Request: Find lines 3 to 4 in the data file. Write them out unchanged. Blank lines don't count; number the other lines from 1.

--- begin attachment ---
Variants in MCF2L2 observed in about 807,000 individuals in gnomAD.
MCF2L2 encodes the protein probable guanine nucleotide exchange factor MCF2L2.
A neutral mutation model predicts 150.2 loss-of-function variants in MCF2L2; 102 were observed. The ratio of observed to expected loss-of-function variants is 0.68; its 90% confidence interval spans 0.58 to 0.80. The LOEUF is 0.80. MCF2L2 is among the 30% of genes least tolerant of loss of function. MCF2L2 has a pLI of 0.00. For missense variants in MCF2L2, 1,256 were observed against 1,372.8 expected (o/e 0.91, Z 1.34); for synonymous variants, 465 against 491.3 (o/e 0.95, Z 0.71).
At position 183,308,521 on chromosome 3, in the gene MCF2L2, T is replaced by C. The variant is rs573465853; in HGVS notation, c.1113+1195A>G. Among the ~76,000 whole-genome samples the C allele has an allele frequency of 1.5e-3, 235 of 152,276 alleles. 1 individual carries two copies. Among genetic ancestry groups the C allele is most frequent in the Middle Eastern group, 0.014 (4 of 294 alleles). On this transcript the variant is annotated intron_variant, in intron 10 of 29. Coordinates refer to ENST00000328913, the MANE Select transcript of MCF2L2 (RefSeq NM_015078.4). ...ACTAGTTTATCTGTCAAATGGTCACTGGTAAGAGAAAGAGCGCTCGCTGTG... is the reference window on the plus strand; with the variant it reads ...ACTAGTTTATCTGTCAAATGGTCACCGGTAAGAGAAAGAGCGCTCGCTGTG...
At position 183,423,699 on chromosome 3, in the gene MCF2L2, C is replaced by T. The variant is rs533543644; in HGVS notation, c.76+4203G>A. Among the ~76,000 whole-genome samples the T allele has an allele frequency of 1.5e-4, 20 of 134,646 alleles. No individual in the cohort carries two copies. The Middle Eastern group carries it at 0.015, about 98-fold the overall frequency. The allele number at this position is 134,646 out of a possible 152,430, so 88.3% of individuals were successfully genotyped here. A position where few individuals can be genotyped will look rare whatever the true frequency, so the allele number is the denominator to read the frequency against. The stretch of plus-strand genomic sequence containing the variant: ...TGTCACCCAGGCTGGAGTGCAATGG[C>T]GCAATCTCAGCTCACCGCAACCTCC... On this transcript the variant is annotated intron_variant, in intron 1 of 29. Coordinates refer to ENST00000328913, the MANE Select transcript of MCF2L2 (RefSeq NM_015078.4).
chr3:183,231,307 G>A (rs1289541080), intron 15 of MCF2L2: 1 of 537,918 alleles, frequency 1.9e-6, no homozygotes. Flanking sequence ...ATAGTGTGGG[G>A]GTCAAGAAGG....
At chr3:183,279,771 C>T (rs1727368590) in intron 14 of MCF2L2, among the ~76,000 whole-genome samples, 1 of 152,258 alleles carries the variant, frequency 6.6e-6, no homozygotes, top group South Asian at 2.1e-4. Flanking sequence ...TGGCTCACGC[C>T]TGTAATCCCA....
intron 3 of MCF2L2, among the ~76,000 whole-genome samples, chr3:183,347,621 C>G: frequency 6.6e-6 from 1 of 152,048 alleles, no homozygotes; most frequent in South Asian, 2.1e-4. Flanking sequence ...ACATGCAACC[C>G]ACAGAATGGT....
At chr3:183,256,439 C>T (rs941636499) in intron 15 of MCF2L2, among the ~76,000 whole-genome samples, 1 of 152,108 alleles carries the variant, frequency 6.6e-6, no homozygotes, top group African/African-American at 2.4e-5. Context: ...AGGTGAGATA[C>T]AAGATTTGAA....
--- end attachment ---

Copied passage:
A neutral mutation model predicts 150.2 loss-of-function variants in MCF2L2; 102 were observed. The ratio of observed to expected loss-of-function variants is 0.68; its 90% confidence interval spans 0.58 to 0.80. The LOEUF is 0.80. MCF2L2 is among the 30% of genes least tolerant of loss of function. MCF2L2 has a pLI of 0.00. For missense variants in MCF2L2, 1,256 were observed against 1,372.8 expected (o/e 0.91, Z 1.34); for synonymous variants, 465 against 491.3 (o/e 0.95, Z 0.71).
At position 183,308,521 on chromosome 3, in the gene MCF2L2, T is replaced by C. The variant is rs573465853; in HGVS notation, c.1113+1195A>G. Among the ~76,000 whole-genome samples the C allele has an allele frequency of 1.5e-3, 235 of 152,276 alleles. 1 individual carries two copies. Among genetic ancestry groups the C allele is most frequent in the Middle Eastern group, 0.014 (4 of 294 alleles). On this transcript the variant is annotated intron_variant, in intron 10 of 29. Coordinates refer to ENST00000328913, the MANE Select transcript of MCF2L2 (RefSeq NM_015078.4). ...ACTAGTTTATCTGTCAAATGGTCACTGGTAAGAGAAAGAGCGCTCGCTGTG... is the reference window on the plus strand; with the variant it reads ...ACTAGTTTATCTGTCAAATGGTCACCGGTAAGAGAAAGAGCGCTCGCTGTG...